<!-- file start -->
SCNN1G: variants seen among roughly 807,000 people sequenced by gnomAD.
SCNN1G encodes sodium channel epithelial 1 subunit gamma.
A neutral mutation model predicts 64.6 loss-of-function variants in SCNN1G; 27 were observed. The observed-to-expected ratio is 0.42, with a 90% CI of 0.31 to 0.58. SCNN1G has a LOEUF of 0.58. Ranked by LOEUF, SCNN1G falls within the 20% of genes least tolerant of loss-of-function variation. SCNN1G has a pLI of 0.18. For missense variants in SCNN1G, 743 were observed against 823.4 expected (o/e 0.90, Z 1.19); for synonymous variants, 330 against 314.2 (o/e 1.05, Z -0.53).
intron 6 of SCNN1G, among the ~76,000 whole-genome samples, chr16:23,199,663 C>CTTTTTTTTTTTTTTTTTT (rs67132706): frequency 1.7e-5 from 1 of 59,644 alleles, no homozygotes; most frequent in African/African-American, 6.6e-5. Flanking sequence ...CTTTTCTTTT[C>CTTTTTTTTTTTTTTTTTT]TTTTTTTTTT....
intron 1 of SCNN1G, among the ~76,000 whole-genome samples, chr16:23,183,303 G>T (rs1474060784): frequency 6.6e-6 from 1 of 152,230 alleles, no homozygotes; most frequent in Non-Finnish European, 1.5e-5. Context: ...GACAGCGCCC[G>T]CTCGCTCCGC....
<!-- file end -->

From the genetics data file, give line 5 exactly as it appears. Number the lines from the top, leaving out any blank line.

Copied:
intron 1 of SCNN1G, among the ~76,000 whole-genome samples, chr16:23,183,303 G>T (rs1474060784): frequency 6.6e-6 from 1 of 152,230 alleles, no homozygotes; most frequent in Non-Finnish European, 1.5e-5. Context: ...GACAGCGCCC[G>T]CTCGCTCCGC....